David Mears, the commissioner of the Department of Environmental Conservation, and other department heads, said the plan will work  by increasing regulation on sources such as farm runoff, stream bank erosion, road management and logging practices.

John Dillon / VPR File Photo

One of the most beautiful parts of Lake Champlain has also become its most polluted. The shorelands of Missisquoi Bay have been designated by the Ramsar Convention as a vital wetland, and its waters support a unique wildlife habitat.

But large farming operations along rivers feeding into the bay have led to phosphorus levels in some cases double the target limits. And according to Anthony Iarrapino, staff attorney at the Vermont office of the Conservation Law Foundation, the bay suffers from more high-alert toxic algae blooms than any other part of Lake Champlain.

Federal regulators have pressured the Shumlin Administration to show how it plans to curb the flow of pollution into Lake Champlain. The Environmental Protection Agency says the state’s most recent proposal is lacking. And the EPA has served notice that it wants a more aggressive plan for action.

House lawmakers have given final approval to legislation that aims to expedite the clean-up of Vermont waterways. But the bill that passed the floor Thursday doesn’t include any funding for the effort. And even its chief proponent says it won’t address the pollution crisis unfolding in places like Lake Champlain.

John Dillon / VPR File

Gov. Peter Shumlin has unveiled an updated plan to clean up Lake Champlain. And administration officials say it’s the most ambitious proposal yet. But clean water advocates say the report will do little to head off an ecological disaster in the state’s largest body of water.

David Mears, commissioner of the Department of Environmental Conservation, says the clean-up proposal submitted to the federal Environmental Protection Agency Tuesday is a bold step forward in the decades-old effort to curb pollution flowing into Lake Champlain.

John Dillon / VPR File

The state’s last plan to reduce pollution in Lake Champlain was rejected by the Environmental Protection Agency. The plan, known as a Total Maximum Daily Load (TMDL), did not take into account the effects of climate change, according to the EPA, and was not specific enough it its requirements.

David Mears, the Commissioner of the Department of Environmental Conservation has been working to release the final version of the TMDL by the end of March.

John Dillon / VPR File

The Environmental Protection Agency (EPA) is calling for more details in the state’s plan to reduce pollution flowing into Lake Champlain.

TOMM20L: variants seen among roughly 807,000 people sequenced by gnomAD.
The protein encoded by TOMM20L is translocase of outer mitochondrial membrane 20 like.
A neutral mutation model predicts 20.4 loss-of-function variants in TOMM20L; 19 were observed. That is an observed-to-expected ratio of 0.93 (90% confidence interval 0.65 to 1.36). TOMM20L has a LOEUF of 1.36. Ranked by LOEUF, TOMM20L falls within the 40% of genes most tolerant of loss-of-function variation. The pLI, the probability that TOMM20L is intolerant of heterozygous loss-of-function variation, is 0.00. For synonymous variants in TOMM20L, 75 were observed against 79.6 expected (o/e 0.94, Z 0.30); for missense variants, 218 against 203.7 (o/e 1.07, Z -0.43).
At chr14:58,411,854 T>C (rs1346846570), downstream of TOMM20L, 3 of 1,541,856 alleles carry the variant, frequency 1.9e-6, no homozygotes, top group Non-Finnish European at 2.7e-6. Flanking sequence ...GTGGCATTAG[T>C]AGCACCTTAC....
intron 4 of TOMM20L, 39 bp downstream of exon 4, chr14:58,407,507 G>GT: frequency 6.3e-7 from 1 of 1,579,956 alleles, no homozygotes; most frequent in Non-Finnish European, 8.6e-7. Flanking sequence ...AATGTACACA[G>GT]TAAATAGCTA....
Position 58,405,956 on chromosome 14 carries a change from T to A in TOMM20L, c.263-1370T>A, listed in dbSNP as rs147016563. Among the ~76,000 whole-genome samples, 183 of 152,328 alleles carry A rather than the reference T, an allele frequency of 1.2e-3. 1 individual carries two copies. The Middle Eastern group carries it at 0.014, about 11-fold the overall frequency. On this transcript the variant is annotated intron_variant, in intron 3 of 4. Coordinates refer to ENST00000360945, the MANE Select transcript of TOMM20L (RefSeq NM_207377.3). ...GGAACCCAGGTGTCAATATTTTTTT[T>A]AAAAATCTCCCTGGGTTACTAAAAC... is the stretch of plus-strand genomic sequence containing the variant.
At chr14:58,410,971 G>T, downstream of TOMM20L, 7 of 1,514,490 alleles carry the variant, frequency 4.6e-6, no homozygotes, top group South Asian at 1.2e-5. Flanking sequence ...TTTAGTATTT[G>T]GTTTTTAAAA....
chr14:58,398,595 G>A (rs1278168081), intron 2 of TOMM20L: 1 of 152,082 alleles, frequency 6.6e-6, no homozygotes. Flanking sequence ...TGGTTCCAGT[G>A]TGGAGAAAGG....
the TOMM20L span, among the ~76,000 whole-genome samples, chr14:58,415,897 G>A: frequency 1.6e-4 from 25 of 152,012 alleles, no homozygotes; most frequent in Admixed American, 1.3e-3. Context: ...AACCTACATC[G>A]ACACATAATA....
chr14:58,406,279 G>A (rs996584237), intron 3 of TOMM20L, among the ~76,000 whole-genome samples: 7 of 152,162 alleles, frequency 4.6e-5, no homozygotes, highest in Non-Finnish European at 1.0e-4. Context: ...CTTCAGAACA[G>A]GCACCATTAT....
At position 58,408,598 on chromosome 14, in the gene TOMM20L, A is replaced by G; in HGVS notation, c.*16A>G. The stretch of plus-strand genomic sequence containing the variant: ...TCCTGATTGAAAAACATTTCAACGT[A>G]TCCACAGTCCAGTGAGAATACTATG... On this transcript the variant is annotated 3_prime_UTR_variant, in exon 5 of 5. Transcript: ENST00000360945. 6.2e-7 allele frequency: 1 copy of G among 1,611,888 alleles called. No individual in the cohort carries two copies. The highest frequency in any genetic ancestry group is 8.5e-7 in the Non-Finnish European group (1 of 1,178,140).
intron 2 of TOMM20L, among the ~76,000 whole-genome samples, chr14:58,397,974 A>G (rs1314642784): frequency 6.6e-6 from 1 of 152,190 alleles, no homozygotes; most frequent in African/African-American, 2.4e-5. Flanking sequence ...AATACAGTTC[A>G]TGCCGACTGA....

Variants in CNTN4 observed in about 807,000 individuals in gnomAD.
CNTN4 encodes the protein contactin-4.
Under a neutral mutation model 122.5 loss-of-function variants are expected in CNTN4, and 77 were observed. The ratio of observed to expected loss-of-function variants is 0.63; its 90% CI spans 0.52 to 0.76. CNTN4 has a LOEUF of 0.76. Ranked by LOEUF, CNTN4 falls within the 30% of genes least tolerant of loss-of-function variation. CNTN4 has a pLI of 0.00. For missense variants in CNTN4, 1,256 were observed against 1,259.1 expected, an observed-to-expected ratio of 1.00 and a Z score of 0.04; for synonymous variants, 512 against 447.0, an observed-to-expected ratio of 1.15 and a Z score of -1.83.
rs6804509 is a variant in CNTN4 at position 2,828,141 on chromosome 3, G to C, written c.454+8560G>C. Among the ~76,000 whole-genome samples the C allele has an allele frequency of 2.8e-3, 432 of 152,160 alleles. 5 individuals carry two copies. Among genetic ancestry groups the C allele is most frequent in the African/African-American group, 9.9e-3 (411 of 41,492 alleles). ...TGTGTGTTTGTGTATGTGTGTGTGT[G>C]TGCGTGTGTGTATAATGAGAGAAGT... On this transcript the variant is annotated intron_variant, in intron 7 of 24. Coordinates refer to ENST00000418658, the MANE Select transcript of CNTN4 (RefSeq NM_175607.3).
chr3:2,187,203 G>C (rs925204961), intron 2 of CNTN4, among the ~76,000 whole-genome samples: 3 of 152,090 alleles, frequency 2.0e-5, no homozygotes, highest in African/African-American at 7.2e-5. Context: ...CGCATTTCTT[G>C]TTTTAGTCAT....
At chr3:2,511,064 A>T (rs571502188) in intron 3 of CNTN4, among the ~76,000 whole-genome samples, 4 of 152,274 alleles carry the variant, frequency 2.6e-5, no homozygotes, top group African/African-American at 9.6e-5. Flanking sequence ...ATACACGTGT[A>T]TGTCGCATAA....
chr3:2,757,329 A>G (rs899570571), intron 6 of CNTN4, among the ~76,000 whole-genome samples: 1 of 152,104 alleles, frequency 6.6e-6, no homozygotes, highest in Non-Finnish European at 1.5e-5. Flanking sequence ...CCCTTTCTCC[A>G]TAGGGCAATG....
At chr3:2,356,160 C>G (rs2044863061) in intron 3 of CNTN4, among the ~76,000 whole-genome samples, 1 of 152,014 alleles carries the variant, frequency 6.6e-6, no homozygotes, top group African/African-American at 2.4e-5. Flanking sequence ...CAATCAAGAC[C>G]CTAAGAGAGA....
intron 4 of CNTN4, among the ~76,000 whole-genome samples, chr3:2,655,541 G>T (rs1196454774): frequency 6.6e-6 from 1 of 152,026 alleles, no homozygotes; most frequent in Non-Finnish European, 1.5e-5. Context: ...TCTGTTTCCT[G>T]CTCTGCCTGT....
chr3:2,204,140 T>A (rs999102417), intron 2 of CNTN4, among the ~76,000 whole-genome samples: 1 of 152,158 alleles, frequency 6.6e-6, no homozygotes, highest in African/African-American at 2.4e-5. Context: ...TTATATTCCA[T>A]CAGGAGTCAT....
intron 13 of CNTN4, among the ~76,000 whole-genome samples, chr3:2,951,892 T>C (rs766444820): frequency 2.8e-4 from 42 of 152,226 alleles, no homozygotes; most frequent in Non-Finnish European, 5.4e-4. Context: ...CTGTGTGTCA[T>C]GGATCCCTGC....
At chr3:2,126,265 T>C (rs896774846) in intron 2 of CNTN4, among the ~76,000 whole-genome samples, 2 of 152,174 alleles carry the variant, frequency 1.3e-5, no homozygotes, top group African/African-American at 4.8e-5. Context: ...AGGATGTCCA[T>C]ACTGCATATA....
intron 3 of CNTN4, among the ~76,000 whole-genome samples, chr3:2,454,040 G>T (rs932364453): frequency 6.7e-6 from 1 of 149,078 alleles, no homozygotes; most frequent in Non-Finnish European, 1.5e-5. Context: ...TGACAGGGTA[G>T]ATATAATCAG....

A Jan. 17 letter [PDF] from the agency applauded the state’s ongoing efforts to develop a plan to reduce phosphorus pollution. Phosphorus can lead to toxic blue-green algae blooms that have appeared in the big lake in recent years.

Taylor Dobbs / VPR

As the state prepares to set a new course for Lake Champlain cleanup, wastewater treatment plants across Vermont continue to dump millions of gallons of polluted water into Lake Champlain and other waterways.

Most of the plant operators responsible for the unauthorized releases aren’t penalized in any way.

“There’s no question that all of the sewage treatment plants in Vermont, at least in the Lake Champlain basin, are going to have to do more to reduce phosphorus levels,” said David Mears, commissioner of the Vermont Department of Environmental Conservation.

Taylor Dobbs / VPR

State and federal environmental agencies began a series of public meetings this week about a new plan to curb excessive pollution from Vermont into Lake Champlain.

According to estimates by the Environmental Protection Agency (EPA), Vermont needs to cut the amount of phosphorus it allows into Lake Champlain by 36 percent.

The meetings mark the beginning of the final phase of a years-long process to develop a plan to clean up the lake.

The Village of Essex Junction has experienced three large accidential discharges from the municipal water treatment facility in the last three months.

Two of the releases totaled between 500,000 and 1 million gallons, but water quality superintendent Jim Jutras said all of the recent releases have been near the end of the treatment process and were not raw sewage.

The recent problems at the facility all center around the chlorination and dechlorination of wastewater, which must be completed before it is released into the Winooski River.

Toby Talbot / AP

The federal government shutdown has delayed a key project in the state’s continuing effort to clean up Lake Champlain.

Environmental Conservation Commissioner David Mears said the state’s work with a team of EPA scientists and policy experts was put on hold this month because the federal officials were furloughed.